The show also featured a flea market, including books about labor history since World War II, and civil rights leaders such as Angela Davis and John Brown. WES executive board member and representative for Services Employees International Union Healthcare Nicholas James also displayed part of his 20,000 piece memorabilia collection hailing from Austria, China, Hungary, Poland, Romania, Russia, Serbia and Slovakia for sale at the flea market. James has travelled to many of these countries, including several visits to Hungary. WES is also compiling a library with books about labor history, labor law, LGBTQIA+ rights and the working-class struggle.  With their speakers and the library WES is compiling, along with these books and memorabilia, the organization puts the “education” in St. Louis Worker’s Education Society.   

Politics and community are at the heart of what WES does.  The organization has been involved in St. Louis’s labor movement since the 1960s, when the International Union of Operating Engineers bought the property.  In more recent years, their concerts have featured “progressive musical acts with a message and spoken word from community leaders in racial justice, the labor movement, women’s’ rights and LGBTQIA empowerment,” according to their website.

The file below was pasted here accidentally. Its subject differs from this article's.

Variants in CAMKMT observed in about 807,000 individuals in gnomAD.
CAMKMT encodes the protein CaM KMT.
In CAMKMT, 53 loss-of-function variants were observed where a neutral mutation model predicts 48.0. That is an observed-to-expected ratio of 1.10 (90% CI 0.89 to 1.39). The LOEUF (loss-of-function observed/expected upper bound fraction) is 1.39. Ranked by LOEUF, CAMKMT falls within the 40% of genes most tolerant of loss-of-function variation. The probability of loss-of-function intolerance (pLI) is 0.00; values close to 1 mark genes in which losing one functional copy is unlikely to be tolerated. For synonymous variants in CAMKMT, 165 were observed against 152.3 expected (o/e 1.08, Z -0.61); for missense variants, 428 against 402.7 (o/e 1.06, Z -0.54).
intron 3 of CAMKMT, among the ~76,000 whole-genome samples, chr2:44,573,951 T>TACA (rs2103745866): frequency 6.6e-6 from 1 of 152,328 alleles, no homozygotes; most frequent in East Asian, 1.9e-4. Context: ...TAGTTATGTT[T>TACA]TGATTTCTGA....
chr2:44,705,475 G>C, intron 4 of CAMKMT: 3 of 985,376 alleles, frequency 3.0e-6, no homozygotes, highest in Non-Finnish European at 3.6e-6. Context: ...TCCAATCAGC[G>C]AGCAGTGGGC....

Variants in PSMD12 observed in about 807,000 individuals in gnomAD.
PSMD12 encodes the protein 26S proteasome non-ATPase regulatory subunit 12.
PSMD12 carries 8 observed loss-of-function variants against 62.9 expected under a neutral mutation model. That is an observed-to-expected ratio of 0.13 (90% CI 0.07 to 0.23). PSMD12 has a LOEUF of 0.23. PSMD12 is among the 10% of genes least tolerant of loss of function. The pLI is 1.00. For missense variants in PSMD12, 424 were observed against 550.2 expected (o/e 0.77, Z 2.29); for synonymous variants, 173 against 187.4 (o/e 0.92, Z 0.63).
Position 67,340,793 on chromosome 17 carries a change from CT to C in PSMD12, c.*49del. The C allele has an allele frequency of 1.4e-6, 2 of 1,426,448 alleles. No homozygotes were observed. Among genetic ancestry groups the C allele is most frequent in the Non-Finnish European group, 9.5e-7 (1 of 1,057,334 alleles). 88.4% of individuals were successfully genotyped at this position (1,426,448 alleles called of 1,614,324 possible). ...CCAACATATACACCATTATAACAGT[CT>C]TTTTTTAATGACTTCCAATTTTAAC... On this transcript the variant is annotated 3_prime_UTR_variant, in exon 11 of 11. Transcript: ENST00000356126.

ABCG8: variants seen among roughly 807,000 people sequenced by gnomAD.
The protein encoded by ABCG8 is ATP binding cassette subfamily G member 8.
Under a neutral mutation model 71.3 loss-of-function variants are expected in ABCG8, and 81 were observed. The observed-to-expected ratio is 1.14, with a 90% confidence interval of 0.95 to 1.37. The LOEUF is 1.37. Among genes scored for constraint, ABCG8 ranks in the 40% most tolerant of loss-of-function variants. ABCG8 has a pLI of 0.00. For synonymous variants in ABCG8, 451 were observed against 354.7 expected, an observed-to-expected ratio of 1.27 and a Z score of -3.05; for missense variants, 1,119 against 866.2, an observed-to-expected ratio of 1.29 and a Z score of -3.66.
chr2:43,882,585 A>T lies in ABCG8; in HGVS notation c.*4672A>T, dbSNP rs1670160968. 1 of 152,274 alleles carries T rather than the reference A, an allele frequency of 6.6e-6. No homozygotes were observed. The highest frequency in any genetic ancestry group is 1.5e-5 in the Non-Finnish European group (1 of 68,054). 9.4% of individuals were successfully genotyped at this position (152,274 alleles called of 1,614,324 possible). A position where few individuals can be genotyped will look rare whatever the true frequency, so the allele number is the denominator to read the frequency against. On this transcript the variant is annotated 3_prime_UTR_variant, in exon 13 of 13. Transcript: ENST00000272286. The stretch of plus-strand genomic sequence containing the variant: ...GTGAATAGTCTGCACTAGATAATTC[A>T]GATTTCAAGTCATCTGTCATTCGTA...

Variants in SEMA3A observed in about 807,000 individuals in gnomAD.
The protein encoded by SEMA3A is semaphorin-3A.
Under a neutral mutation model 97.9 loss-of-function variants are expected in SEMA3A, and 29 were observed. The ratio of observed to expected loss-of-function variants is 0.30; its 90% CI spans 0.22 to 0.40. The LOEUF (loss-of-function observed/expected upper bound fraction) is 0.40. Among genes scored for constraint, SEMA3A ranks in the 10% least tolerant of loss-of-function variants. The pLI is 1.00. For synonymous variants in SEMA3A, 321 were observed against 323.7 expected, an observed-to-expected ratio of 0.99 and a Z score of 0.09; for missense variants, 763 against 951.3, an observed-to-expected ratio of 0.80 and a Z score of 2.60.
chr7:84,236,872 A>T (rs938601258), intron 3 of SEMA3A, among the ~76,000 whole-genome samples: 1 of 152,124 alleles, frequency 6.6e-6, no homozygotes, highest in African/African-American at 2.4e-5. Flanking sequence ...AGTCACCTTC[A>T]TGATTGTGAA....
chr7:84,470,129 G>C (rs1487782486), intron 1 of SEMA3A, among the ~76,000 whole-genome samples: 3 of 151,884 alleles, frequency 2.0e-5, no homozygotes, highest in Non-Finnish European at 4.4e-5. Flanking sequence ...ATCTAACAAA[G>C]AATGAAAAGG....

The organization’s past concerts have raised money for an LGBTQIA+ center in Orlando, Fla., following the hate-based shooting at the Pulse nightclub, as well as for the National Abortion and Reproductive Rights Action League, Pro-Choice Missouri and Planned Parenthood for International Women’s Day.  Both of these events included speakers well-versed in these areas.    

WES is also currently involved in campaigns to raise the minimum wage, move towards single-payer healthcare, and with CLEAN Missouri, which seeks to lower the amount of money and value of gifts lobbyists, people, corporations and other organizations can donate to state legislative candidates and to increase transparency by opening legislative records to the public in Missouri.

“Some shows, like the Halloween one, really have no specific agenda or message, no speakers, just a fun night of punk rock and friends.  It also is very important to us to create a safe place in the STL music scene.  We have a strict no tolerance policy posted all over at the WES.  Having a space we know will be free from harassment, misogyny, racism, homophobia, all that other bad shit you can think of, is part of the reason why we do these shows,” Benjamin said.  As he said before Daytime Television kicked off the night’s music, “Have fun, don’t be a s***bag and happy Halloween.”

*Last names have been omitted for their safety.

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Halloween Party for Progress